Trying your hardest and failing
Exclusion and being the Pariah
I typically have written stories about the themes of exclusion and being an outsider, and how to deal with that situation. So I typically write a lot about individuals who are outcasts, social pariahs, or those who are outside of social norms. Sometimes these people are generally different from society because of interference from an outside source that has forced them into this role. Sometimes they are put into this position because of their personality, who they associate with, and social choices.
Ex) a person without superhero powers in a world full of superheroes, a person with Luddite ideals in an android reliant society, an otaku/hikkiomori , a bankrupt Noble, an adult web cam artist,
It would make sense that after highlighting the theme of exclusion, the next important theme in my works would be acceptance. Generally this doesn’t scale out to their society necessarily accepting them, instead my characters would search for this acceptance elsewhere, in their peers and romantic partners. And this typically occurs when I write about romance. Typically when I write about romance I like to generally like to write about couples who are opposites, and typically dislike each other at first. But after spending time with each other because of similar goals, they grow closer, and use each other traits to help each other grow.
I also like to write about how people come to terms in accepting other’s traits and their own traits.
I love writing about people who fail, and fail hard, with consequences that lead outside of them, and affect other people. Sometimes these failures are actually result of what they perceived as success, and other times plans go awry and people screw up.
Other themes include:
Learning, Hypocrisy, Removing Bad Influences/Negative people from your life, and my favorite unhappy endings.
I'd recommend reading other books, watching movies,reading about history, watching documentaries, ie basically just exposing yourself to different types of writing, media, and information, because this will broaden your idea pool, and influence your writing in a positive way. If you're really stuck you can research a topic you'd never study about, or you can set up a emotion or feeling you want to focus on.
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On that note, a lot of what motivates me to write is being angry with somebody else's work because they started off with a really create concept, but executed it in a way I felt was lacking, so I guess you could say my writing is often reactionary? That makes sense given that I have a bit of an anti-authoritarian bent, too.
I have a big thing for depicting "contrast and compliment" pairs of characters (Tomboy + Girly-Girl, Innocent + Veteran, Natural Leader + Dependable Follower, et cetera) who contrast strongly, but in such a way as they match nicely. I also have a thing for non-romantic devotion (Prince + Retainer, Young Master + Battle Butler, General +Lieutenant). Especially if it's accompanied by very-romantic devotion between the same couple. I guess I like couples who are intimate on multiple levels, and the kind of trust that involves.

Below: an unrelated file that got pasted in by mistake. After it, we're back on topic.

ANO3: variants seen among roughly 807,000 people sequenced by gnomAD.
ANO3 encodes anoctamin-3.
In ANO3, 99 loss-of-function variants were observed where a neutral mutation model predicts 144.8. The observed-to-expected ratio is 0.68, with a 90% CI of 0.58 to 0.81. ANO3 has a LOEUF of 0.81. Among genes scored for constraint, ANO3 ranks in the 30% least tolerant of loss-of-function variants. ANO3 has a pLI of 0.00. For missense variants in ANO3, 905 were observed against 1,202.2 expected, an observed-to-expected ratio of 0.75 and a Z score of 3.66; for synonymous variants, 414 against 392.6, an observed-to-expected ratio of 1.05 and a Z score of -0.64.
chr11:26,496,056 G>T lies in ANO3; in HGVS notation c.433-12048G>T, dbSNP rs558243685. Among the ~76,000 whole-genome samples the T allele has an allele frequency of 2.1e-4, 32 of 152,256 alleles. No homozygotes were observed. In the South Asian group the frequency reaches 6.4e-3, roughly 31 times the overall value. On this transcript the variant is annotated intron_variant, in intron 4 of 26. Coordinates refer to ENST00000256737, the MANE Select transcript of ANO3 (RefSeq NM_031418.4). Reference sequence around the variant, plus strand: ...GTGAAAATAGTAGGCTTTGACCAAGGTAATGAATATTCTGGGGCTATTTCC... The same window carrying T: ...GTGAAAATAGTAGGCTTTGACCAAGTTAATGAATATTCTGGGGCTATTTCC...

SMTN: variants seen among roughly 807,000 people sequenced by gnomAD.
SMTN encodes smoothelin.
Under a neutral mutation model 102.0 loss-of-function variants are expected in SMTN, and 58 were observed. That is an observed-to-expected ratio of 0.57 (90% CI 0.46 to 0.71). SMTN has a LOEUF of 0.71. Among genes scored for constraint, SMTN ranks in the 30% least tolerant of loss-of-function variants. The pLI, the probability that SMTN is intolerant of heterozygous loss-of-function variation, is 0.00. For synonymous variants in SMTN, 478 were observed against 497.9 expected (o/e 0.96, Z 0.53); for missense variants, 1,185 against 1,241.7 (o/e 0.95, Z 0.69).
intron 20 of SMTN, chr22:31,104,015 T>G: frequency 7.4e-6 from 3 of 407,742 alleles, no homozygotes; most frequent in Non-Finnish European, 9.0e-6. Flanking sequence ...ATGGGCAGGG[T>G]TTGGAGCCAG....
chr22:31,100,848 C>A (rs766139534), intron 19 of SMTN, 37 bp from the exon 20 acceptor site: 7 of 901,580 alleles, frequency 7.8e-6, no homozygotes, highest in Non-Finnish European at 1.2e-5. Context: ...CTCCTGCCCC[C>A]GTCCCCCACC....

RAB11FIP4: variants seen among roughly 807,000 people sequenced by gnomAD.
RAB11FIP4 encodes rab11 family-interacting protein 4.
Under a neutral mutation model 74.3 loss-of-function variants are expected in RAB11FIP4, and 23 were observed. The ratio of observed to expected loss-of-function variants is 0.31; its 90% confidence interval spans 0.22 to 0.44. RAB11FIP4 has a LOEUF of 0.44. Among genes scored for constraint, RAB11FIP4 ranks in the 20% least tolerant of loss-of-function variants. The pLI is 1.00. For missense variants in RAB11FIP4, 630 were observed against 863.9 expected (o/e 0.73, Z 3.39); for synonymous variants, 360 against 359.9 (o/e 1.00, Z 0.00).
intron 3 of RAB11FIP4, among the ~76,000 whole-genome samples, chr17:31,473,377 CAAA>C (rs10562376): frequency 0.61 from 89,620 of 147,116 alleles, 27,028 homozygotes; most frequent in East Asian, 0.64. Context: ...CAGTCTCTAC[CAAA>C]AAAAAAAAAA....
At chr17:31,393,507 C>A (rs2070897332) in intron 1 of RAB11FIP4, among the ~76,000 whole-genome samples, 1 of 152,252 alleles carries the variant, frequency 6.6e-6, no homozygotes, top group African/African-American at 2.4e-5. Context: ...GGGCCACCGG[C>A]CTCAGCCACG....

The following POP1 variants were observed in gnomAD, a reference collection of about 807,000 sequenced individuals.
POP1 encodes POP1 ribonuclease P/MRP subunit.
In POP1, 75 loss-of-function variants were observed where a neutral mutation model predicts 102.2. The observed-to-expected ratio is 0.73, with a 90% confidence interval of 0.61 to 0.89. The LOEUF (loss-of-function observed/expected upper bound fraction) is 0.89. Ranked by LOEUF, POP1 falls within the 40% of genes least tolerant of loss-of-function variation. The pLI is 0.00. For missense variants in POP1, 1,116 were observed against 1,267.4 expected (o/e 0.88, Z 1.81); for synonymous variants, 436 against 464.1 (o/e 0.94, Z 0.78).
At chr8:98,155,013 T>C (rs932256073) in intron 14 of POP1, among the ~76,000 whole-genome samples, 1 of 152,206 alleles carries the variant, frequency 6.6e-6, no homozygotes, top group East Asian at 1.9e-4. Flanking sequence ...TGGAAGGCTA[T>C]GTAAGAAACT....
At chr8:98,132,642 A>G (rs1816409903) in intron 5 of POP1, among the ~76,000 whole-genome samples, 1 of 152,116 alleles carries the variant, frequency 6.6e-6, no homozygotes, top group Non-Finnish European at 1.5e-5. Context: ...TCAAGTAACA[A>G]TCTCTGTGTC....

Also, happy endings. I think we glorify sadness (and especially martyrdom) too much these days, and people unfairly view a happy ending as being less artistic or mature than an equally unrealistic sad ending. Just like comedy is harder to do well than drama, I think it's harder to write a happy ending well, compared to a sad one. To put it another way, I think many people mistake suffering for depth, which is a real tragedy to me.
Less serious themes? Everybody is Bisexual Unless Proven Otherwise, and Exiled Princes are Sexy.
Gender roles almost always appears in my fantasy in some form or another. And lately I have been kinda preoccopied with sexualitu as well (Though this one is not as common as the others)
I also like villain protagonist or anti-heroes more often than not. (Properly a hold out from reading many, many fantasy stories where the villain was the most interesting character).
And then I have an on going vendetta against anything named fate and destiny.
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Decadence - There is often a gritty, vile romanticism that flows through my work that celebrates and glorifies the taboo, depraved and the ill. It's more of the late 1800s/early 1900s variety than the soulless apathy of the 21st century.
Boredom (Ennui) - Usually how boredom causes people to do very drastic things and whether boredom is the fault of over-saturation or do we even have the right to be bored in the first place in such a vast, colorful world that we inhabit.
Mental illness - Depression, bipolar disorder, dementia, split personalities...etc.
Feminism - I noticed feminist undercurrents in my storytelling. Most of my characters are female and it emphasizes their choice to degrade, take the moral high ground, independence, female vitality... (Some times it takes a radical turn as some of my females usually stab men's crotches and attempt to cut off...bits... *worried laughter*).
The importance of spirituality in one's life
Life as a never-ending desert where innocence is an oasis and human kindness is the water that lets us survive.